form, and to some extent when, but especially the evening-
overnight hours on both Monday/Tuesday (and perhaps even
Wednesday) will need monitored for at least strong/if not severe
thunderstorm potential. Would like to provide more detail on this,
but it`s just too soon to have enough confidence to do so.
Officially, the overnight SPC Day 4-8 outlook BARELY kept our CWA
out of the severe threat areas for Tuesday/Wednesday, and while it
currently seems that the overall-highest chances for severe storms
should focus slightly to our south-through-east, later outlooks
will most likely include parts of our CWA in at least low-end
severe probabilities. So much yet to sort out here.

2) Strong south winds:
Especially between the Sunday daytime and Monday night time frame,
south winds will crank up area-wide, in response to deepening
surface low pressure to the west. As is typical at the Day 3-4
range, our forecasted speeds are probably still not high enough,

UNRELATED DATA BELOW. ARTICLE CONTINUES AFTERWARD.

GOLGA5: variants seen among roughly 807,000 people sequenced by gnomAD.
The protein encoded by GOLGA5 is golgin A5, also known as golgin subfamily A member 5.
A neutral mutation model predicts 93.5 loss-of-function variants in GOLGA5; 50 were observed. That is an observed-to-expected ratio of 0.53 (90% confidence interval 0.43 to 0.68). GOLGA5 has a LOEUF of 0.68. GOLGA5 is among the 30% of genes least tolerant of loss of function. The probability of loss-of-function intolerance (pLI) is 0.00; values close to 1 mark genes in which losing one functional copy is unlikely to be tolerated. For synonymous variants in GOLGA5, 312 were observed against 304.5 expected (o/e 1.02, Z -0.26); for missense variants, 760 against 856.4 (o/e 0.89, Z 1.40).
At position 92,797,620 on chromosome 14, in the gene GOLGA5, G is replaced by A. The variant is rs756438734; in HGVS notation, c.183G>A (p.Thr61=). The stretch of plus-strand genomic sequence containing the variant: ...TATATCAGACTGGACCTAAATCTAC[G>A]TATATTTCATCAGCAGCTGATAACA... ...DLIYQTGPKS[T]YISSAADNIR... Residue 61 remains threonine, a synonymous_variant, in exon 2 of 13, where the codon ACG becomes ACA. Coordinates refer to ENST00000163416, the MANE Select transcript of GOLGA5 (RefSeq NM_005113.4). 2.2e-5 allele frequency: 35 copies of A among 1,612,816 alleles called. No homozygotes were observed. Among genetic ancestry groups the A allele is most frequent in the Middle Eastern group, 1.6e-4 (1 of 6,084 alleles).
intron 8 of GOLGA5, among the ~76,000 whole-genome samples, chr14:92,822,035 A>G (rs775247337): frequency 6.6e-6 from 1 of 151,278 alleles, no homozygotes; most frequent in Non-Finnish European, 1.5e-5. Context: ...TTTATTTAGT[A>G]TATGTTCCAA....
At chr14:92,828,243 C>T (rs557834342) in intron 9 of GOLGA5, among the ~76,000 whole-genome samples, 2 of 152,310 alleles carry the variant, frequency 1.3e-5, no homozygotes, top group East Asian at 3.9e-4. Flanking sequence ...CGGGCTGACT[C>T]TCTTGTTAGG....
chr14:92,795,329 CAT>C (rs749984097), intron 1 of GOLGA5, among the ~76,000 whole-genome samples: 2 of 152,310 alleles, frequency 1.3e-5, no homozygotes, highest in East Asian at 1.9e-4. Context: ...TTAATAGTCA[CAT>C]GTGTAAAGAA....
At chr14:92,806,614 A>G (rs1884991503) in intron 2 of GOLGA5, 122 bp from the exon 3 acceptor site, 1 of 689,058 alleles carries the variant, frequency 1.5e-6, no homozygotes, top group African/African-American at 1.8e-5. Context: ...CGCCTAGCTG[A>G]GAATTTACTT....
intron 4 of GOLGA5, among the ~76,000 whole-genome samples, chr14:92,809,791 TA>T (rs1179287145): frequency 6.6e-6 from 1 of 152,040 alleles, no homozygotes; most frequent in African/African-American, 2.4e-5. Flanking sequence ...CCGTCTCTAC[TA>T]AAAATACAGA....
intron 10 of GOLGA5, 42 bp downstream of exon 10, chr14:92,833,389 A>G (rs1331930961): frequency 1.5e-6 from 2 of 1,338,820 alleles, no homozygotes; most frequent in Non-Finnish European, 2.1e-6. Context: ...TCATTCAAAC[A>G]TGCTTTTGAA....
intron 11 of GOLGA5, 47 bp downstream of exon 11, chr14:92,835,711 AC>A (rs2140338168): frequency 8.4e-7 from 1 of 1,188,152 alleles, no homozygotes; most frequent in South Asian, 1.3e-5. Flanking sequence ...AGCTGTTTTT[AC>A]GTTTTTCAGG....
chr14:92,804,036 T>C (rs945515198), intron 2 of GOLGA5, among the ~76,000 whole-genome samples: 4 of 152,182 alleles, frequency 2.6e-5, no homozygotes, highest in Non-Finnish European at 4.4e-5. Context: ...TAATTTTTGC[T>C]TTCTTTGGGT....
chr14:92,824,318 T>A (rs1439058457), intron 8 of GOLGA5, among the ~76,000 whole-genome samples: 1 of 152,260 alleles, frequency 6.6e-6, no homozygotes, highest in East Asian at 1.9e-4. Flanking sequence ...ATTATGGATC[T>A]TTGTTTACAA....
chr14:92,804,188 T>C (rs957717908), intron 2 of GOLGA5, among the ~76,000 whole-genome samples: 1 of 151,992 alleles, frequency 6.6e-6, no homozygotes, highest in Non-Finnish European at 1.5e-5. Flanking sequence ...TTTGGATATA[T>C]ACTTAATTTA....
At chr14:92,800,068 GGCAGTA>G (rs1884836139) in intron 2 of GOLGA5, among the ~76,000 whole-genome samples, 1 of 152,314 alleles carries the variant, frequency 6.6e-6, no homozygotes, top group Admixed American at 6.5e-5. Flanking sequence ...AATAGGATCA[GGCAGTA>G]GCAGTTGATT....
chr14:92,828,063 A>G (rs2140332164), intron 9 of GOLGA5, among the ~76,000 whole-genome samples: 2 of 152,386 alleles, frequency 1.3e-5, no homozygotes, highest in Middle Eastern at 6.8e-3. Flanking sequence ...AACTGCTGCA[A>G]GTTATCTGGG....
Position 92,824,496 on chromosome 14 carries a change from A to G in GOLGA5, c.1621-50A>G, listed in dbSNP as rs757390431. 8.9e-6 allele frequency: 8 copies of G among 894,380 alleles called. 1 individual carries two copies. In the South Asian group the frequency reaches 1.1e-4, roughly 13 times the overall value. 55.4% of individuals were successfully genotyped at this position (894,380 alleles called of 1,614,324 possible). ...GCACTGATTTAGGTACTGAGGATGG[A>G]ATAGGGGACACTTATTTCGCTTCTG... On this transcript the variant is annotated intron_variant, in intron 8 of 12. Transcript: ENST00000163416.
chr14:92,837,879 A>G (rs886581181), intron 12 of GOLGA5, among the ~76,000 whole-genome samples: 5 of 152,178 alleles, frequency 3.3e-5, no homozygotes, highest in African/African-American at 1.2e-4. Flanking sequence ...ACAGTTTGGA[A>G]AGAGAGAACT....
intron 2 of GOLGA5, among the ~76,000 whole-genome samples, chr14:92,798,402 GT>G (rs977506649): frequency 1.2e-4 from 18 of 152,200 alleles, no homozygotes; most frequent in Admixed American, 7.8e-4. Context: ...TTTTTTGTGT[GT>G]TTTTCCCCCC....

but pattern recognition suggests that sustained speeds of 25-35
MPH/gusts 40+ MPH are a good bet on both of these days, and this
strong wind mention has been introduced to our HWO. It could still
be quite breezy into Tuesday, but models currently suggest a cold
front will start to invade, which if nothing else will shift
direction more northerly and likely decrease speeds somewhat.

3) Warmer/more "humid" weather overall:
Although warm-weather lovers will obviously have to contend with
the aforementioned strong winds especially Sunday-Monday, for
sure this will be our warmest stretch of the spring so far. Sunday
highs are aimed into the 70s, with Monday the overall-warmest day
with widespread upper 70s to low 80s. As the cold front works
through mid-week, highs will likely ease back into the 60s/lower
70s in most areas Tuesday-Thursday. Overnight lows will definitely
be noticeably milder than we`ve seen this spring. Values Saturday
night will hold up in the 40s area-wide, with widespread 50s to
even near 60 Sunday and Monday nights. Tuesday and Wednesday
nights should be a bit cooler, but still well into the 40s most


.AVIATION...(For the 00Z KGRI/KEAR TAFS through 00Z Friday)